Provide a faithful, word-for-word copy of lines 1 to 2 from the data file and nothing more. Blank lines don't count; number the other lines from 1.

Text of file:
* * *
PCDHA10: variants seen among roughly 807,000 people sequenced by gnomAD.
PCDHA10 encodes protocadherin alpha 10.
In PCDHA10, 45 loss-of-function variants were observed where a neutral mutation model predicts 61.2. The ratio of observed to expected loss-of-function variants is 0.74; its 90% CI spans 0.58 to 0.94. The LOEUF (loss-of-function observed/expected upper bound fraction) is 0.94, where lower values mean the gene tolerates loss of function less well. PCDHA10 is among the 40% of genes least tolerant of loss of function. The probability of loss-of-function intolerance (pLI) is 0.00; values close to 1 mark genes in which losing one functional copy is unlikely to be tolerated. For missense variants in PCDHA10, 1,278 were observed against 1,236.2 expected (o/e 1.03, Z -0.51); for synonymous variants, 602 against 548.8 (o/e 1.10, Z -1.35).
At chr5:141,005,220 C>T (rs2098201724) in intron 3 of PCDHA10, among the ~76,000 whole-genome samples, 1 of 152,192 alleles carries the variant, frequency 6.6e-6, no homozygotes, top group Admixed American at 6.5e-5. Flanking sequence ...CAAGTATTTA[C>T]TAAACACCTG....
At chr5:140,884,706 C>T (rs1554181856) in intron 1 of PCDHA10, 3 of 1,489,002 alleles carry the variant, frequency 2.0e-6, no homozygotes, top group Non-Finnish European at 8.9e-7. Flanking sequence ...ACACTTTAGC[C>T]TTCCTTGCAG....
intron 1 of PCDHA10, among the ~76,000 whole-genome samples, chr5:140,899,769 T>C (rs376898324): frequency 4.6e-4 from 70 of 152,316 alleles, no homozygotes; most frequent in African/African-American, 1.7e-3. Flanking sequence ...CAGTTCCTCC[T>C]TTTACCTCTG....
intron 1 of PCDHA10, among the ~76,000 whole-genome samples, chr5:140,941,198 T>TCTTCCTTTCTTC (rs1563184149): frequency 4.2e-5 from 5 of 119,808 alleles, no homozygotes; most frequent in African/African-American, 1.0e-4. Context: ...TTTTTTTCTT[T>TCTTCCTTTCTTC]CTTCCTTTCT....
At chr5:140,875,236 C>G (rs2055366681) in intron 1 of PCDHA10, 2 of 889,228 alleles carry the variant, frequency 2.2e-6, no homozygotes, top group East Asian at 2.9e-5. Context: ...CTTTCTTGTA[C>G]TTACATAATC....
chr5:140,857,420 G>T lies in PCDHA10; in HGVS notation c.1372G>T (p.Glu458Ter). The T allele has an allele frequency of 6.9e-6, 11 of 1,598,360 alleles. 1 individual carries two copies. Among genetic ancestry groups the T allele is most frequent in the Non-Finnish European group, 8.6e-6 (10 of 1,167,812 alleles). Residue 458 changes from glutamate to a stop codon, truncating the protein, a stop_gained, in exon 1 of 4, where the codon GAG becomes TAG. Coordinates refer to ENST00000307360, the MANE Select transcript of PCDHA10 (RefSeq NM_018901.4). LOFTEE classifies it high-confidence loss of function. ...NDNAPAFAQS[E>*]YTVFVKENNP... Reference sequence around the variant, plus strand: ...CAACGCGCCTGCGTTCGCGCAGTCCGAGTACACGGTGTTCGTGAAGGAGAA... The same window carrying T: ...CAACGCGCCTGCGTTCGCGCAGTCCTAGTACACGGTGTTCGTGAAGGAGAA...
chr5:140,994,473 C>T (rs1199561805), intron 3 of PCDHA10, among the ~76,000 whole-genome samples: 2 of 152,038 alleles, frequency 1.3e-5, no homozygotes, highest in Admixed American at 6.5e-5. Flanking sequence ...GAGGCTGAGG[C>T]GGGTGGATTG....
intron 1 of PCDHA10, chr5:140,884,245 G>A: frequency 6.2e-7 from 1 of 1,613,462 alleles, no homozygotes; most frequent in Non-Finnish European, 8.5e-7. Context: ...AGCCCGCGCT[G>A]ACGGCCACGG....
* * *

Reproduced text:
PCDHA10: variants seen among roughly 807,000 people sequenced by gnomAD.
PCDHA10 encodes protocadherin alpha 10.